Flu Season in the Workplace

Helpful Tips on Staying Healthy During the Spread of Flu and Coronavirus

Published on Friday, February 7, 2020

As news continues to spread about the dangers of the Coronavirus, it’s important to be reminded of the hazards of such illnesses and how a few simple measures like washing your hands can make all the difference.

Viral illnesses like influenza and the Coronavirus typically circulate from late fall through early spring, and while most people will recover from the flu after a few days, thousands of others will be hospitalized due to the illness. According to The National Institute for Occupational Safety and Health (NIOSH) the annual costs of influenza due to doctor visits is $4.6 billion, with United States employees missing approximately 17 million workdays resulting in a $7 billion loss per year in sick days and lost productivity.

The Centers for Disease Control and Prevention (CDC) recommends that all persons starting at the age of six months be vaccinated. The CDC estimated that during the 2016-17 flu season, flu vaccinations prevented 5.3 million flu illnesses, 2.6 million medical visits, and 85,000 flu hospitalizations. The flu vaccine reduces the risk of contracting flu illnesses by between 30 and 60 percent. It’s also important to note that it helps protect not only yourself but also those around you.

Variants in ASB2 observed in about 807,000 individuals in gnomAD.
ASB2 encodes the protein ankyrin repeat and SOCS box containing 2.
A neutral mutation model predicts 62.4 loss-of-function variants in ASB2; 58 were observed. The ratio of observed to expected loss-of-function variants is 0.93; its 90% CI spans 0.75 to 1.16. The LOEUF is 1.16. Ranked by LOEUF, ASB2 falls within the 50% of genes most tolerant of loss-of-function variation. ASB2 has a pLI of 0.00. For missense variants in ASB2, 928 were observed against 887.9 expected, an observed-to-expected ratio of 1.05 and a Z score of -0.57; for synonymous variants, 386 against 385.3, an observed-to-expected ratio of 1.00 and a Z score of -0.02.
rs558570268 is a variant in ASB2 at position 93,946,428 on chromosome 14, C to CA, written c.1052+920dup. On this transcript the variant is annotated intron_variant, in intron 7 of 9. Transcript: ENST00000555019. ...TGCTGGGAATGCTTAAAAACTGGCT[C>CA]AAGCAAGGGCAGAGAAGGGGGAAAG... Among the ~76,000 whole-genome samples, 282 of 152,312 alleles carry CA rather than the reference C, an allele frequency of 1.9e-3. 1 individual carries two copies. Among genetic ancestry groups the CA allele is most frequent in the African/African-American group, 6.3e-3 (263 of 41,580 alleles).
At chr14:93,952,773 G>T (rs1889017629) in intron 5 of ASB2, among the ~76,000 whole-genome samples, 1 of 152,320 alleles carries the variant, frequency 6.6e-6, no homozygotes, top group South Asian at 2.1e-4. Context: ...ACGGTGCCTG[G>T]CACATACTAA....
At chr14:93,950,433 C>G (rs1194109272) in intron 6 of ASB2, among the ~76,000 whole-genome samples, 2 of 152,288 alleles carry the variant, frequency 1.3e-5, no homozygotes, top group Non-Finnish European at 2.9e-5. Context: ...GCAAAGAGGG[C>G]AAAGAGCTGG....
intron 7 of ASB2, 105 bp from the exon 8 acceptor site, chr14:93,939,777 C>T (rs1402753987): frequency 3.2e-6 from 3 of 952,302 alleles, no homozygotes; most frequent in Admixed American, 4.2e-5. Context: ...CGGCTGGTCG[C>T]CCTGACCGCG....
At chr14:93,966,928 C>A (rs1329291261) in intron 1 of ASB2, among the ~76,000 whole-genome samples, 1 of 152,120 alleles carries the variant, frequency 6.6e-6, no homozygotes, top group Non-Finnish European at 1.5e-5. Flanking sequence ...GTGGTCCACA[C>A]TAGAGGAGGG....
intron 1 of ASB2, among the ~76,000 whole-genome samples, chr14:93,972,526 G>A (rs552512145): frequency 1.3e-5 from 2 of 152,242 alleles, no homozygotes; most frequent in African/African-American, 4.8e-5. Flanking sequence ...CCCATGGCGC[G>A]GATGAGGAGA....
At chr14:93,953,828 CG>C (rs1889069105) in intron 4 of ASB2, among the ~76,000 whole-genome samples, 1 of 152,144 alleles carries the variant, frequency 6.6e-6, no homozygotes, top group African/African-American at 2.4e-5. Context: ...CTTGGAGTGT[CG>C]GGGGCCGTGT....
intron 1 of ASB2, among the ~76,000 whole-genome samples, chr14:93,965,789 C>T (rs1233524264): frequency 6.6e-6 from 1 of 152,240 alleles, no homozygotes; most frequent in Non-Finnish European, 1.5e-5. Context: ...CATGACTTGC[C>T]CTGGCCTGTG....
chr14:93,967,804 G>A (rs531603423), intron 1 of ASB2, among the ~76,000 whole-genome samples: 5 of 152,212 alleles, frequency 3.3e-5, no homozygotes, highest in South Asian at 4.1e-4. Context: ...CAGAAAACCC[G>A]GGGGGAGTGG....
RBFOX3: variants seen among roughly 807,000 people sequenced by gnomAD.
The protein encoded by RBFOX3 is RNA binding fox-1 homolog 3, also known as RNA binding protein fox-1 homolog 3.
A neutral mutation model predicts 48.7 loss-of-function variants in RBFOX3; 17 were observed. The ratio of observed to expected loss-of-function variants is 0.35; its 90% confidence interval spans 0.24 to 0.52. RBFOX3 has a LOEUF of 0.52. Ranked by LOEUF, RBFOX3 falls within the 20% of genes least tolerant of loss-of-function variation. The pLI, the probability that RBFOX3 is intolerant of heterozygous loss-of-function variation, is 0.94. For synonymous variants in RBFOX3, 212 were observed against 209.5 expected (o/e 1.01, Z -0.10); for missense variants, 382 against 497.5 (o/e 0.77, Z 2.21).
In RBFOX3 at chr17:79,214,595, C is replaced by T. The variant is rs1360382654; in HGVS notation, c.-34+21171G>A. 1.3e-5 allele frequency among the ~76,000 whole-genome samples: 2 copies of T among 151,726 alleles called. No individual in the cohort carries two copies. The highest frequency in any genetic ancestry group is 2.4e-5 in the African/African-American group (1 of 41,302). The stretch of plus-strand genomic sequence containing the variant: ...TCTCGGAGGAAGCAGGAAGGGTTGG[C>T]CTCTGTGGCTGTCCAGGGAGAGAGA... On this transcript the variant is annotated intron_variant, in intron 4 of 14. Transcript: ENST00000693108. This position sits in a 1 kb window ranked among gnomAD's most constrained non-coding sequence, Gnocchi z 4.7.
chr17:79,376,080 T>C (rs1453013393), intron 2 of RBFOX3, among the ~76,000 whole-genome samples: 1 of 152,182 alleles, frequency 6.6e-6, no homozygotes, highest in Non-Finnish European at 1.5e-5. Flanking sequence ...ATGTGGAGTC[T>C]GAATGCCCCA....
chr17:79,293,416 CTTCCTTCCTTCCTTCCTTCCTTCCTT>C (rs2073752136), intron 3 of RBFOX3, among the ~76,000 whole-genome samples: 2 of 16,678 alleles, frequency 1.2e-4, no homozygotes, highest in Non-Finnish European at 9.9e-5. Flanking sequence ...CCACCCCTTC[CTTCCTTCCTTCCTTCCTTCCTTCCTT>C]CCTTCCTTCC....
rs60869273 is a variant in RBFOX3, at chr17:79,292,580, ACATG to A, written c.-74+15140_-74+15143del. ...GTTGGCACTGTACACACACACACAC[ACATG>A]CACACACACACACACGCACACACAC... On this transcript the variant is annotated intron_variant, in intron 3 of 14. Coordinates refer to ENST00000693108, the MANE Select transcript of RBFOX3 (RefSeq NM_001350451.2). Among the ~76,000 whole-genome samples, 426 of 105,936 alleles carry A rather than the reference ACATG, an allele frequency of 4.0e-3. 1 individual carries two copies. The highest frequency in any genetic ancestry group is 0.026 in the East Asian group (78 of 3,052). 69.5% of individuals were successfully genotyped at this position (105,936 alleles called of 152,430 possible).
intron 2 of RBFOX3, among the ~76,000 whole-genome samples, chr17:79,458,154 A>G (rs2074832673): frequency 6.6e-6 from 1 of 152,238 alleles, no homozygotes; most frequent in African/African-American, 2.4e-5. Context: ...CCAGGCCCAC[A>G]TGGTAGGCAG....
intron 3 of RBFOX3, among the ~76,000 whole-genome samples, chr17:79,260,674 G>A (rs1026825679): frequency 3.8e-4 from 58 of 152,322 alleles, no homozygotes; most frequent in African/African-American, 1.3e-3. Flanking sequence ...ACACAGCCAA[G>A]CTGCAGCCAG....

In addition to vaccination, the CDC recommends that you try to avoid close contact with sick people or limit your interactions with others if you are sick. They also recommend that you stay home for at least 24 hours after your fever is gone and to wash your hands often with soap and water. Washing your hands involves five steps: wet, lather, scrub, rinse, dry. Regular handwashing is one of the best ways to remove germs, avoid getting sick, and prevent the spread of illness to others, including the spread of the Coronavirus. 

On top of handwashing, you should avoid touching your eyes, nose, mouth, and face, which is how germs spread into your body. 

Flu symptoms include fever, cough, sore throat, runny or stuffy nose, body aches, headaches, chills, and fatigue. Those infected are most contagious in the first three to four days after the illness begins.

More information on the flu season and vaccinations can be found on the NIOSH and CDC websites.

Information on the Coronavirus and prevention can be found on the OSHA website.